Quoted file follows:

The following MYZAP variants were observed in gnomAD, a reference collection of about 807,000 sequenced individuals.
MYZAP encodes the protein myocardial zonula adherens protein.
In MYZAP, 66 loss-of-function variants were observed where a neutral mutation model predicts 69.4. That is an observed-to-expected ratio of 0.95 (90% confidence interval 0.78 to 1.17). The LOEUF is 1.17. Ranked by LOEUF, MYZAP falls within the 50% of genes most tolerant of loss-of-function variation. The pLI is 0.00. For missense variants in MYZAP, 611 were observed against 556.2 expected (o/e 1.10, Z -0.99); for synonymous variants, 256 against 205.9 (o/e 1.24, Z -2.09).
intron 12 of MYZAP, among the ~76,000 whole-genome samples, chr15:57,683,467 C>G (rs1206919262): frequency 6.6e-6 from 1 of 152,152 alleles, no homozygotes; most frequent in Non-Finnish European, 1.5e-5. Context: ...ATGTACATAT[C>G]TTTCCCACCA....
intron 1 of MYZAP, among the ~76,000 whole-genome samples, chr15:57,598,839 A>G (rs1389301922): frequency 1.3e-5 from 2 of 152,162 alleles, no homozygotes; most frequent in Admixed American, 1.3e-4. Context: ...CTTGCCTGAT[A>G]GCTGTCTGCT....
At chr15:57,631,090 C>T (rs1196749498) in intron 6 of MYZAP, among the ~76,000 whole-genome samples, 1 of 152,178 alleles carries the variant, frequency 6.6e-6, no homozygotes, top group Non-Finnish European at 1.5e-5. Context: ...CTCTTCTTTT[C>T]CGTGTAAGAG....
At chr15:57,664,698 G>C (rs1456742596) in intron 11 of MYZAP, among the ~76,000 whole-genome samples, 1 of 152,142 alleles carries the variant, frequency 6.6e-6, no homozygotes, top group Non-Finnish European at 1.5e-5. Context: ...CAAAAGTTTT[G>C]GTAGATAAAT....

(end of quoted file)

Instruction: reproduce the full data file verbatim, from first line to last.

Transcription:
The following MYZAP variants were observed in gnomAD, a reference collection of about 807,000 sequenced individuals.
MYZAP encodes the protein myocardial zonula adherens protein.
In MYZAP, 66 loss-of-function variants were observed where a neutral mutation model predicts 69.4. That is an observed-to-expected ratio of 0.95 (90% confidence interval 0.78 to 1.17). The LOEUF is 1.17. Ranked by LOEUF, MYZAP falls within the 50% of genes most tolerant of loss-of-function variation. The pLI is 0.00. For missense variants in MYZAP, 611 were observed against 556.2 expected (o/e 1.10, Z -0.99); for synonymous variants, 256 against 205.9 (o/e 1.24, Z -2.09).
intron 12 of MYZAP, among the ~76,000 whole-genome samples, chr15:57,683,467 C>G (rs1206919262): frequency 6.6e-6 from 1 of 152,152 alleles, no homozygotes; most frequent in Non-Finnish European, 1.5e-5. Context: ...ATGTACATAT[C>G]TTTCCCACCA....
intron 1 of MYZAP, among the ~76,000 whole-genome samples, chr15:57,598,839 A>G (rs1389301922): frequency 1.3e-5 from 2 of 152,162 alleles, no homozygotes; most frequent in Admixed American, 1.3e-4. Context: ...CTTGCCTGAT[A>G]GCTGTCTGCT....
At chr15:57,631,090 C>T (rs1196749498) in intron 6 of MYZAP, among the ~76,000 whole-genome samples, 1 of 152,178 alleles carries the variant, frequency 6.6e-6, no homozygotes, top group Non-Finnish European at 1.5e-5. Context: ...CTCTTCTTTT[C>T]CGTGTAAGAG....
At chr15:57,664,698 G>C (rs1456742596) in intron 11 of MYZAP, among the ~76,000 whole-genome samples, 1 of 152,142 alleles carries the variant, frequency 6.6e-6, no homozygotes, top group Non-Finnish European at 1.5e-5. Context: ...CAAAAGTTTT[G>C]GTAGATAAAT....